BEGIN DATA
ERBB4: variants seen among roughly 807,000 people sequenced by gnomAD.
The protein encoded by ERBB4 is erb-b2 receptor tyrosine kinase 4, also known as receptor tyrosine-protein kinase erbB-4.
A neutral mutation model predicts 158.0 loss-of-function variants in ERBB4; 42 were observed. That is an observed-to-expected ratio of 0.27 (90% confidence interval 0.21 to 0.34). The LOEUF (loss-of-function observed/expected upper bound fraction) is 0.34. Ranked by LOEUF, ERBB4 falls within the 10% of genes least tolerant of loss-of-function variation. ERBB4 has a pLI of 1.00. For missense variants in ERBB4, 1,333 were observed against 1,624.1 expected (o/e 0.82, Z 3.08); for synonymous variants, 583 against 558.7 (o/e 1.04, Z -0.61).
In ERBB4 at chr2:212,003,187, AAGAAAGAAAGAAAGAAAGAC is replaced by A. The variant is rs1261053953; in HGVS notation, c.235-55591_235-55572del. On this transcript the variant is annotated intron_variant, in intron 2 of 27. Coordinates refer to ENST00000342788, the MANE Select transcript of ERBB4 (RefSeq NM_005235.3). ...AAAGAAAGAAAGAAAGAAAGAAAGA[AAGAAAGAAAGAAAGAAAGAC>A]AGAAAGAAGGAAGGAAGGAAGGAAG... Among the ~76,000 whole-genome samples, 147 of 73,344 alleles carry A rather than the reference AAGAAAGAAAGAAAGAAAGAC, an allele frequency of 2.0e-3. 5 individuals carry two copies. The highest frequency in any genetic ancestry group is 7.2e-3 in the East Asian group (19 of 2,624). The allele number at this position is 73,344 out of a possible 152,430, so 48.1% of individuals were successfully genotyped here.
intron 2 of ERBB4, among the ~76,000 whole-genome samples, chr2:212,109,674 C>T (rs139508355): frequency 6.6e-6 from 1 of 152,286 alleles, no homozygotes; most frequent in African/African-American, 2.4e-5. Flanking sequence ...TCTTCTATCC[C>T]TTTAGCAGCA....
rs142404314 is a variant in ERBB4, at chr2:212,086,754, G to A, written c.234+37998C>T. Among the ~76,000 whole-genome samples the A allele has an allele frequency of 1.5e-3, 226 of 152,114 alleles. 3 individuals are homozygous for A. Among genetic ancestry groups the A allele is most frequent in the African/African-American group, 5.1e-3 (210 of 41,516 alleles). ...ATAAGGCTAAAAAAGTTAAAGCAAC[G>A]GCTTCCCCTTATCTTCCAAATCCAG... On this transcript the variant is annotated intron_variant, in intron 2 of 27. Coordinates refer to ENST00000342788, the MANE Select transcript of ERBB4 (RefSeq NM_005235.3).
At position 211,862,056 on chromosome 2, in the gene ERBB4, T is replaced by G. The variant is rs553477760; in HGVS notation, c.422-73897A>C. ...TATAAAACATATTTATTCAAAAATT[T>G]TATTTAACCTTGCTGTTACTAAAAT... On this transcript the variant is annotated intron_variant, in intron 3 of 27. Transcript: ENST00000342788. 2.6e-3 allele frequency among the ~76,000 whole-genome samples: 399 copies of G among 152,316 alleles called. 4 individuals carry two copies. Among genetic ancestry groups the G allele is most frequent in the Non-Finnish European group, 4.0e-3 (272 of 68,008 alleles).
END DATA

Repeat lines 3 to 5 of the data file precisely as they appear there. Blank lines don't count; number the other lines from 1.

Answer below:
A neutral mutation model predicts 158.0 loss-of-function variants in ERBB4; 42 were observed. That is an observed-to-expected ratio of 0.27 (90% confidence interval 0.21 to 0.34). The LOEUF (loss-of-function observed/expected upper bound fraction) is 0.34. Ranked by LOEUF, ERBB4 falls within the 10% of genes least tolerant of loss-of-function variation. ERBB4 has a pLI of 1.00. For missense variants in ERBB4, 1,333 were observed against 1,624.1 expected (o/e 0.82, Z 3.08); for synonymous variants, 583 against 558.7 (o/e 1.04, Z -0.61).
In ERBB4 at chr2:212,003,187, AAGAAAGAAAGAAAGAAAGAC is replaced by A. The variant is rs1261053953; in HGVS notation, c.235-55591_235-55572del. On this transcript the variant is annotated intron_variant, in intron 2 of 27. Coordinates refer to ENST00000342788, the MANE Select transcript of ERBB4 (RefSeq NM_005235.3). ...AAAGAAAGAAAGAAAGAAAGAAAGA[AAGAAAGAAAGAAAGAAAGAC>A]AGAAAGAAGGAAGGAAGGAAGGAAG... Among the ~76,000 whole-genome samples, 147 of 73,344 alleles carry A rather than the reference AAGAAAGAAAGAAAGAAAGAC, an allele frequency of 2.0e-3. 5 individuals carry two copies. The highest frequency in any genetic ancestry group is 7.2e-3 in the East Asian group (19 of 2,624). The allele number at this position is 73,344 out of a possible 152,430, so 48.1% of individuals were successfully genotyped here.
intron 2 of ERBB4, among the ~76,000 whole-genome samples, chr2:212,109,674 C>T (rs139508355): frequency 6.6e-6 from 1 of 152,286 alleles, no homozygotes; most frequent in African/African-American, 2.4e-5. Flanking sequence ...TCTTCTATCC[C>T]TTTAGCAGCA....